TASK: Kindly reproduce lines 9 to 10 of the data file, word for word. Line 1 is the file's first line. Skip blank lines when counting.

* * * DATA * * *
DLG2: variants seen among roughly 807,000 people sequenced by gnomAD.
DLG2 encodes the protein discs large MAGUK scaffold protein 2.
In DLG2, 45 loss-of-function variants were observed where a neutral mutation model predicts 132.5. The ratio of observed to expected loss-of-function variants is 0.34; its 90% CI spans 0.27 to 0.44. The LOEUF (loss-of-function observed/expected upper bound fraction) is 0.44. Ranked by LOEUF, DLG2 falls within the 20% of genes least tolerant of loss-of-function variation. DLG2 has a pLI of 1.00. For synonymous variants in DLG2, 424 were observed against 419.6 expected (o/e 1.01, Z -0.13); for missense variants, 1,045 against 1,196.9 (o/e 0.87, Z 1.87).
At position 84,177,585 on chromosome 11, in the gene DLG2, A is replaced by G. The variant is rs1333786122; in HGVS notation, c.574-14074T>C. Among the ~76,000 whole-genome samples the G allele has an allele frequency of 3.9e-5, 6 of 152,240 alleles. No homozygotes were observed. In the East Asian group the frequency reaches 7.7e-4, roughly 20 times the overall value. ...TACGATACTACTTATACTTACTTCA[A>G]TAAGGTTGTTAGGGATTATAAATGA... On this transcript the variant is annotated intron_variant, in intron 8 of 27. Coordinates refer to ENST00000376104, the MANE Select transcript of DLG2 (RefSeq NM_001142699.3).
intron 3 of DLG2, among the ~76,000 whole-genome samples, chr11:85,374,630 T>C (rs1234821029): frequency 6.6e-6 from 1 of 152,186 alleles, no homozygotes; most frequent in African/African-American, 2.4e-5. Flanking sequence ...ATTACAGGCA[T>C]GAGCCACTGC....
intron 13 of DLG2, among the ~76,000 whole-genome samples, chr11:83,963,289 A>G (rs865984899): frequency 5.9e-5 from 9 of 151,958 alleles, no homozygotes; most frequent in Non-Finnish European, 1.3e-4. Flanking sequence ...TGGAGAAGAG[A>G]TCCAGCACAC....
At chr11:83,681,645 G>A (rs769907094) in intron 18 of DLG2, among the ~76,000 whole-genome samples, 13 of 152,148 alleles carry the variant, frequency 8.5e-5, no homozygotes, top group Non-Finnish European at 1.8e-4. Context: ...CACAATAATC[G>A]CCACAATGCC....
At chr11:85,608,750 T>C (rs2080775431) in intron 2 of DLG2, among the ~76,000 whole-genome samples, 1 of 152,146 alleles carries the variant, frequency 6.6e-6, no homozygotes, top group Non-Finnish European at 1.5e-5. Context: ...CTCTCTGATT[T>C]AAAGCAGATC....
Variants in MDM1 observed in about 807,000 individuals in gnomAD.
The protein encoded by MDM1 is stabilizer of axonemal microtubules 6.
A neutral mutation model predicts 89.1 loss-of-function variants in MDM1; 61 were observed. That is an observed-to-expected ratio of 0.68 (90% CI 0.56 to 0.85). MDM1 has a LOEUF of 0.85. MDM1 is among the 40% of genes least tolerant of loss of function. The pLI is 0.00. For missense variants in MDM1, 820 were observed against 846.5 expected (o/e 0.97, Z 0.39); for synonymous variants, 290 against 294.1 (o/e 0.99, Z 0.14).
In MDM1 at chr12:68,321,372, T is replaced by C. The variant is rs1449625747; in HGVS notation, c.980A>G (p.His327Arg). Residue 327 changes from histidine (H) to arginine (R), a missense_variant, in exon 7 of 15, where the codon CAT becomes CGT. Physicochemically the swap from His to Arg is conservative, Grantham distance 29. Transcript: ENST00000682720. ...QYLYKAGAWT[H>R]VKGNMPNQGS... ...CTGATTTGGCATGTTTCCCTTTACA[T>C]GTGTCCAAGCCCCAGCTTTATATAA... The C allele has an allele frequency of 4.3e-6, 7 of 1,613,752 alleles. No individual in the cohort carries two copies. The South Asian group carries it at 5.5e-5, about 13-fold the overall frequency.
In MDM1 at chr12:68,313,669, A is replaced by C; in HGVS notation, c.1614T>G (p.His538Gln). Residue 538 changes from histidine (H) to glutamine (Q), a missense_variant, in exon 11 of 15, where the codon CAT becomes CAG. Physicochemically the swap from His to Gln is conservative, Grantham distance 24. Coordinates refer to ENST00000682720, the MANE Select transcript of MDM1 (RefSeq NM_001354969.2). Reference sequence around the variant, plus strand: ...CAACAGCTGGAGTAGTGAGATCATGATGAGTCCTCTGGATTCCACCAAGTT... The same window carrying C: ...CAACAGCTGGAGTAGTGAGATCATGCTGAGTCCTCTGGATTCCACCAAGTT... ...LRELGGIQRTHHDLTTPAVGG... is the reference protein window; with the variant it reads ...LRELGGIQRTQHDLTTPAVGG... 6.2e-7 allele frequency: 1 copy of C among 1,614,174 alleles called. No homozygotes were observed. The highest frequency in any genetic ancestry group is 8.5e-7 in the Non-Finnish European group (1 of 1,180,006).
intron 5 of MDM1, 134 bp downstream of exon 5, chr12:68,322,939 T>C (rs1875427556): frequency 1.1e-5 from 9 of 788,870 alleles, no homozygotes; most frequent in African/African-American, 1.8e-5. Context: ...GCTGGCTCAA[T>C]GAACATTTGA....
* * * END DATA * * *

Variants in MDM1 observed in about 807,000 individuals in gnomAD.
The protein encoded by MDM1 is stabilizer of axonemal microtubules 6.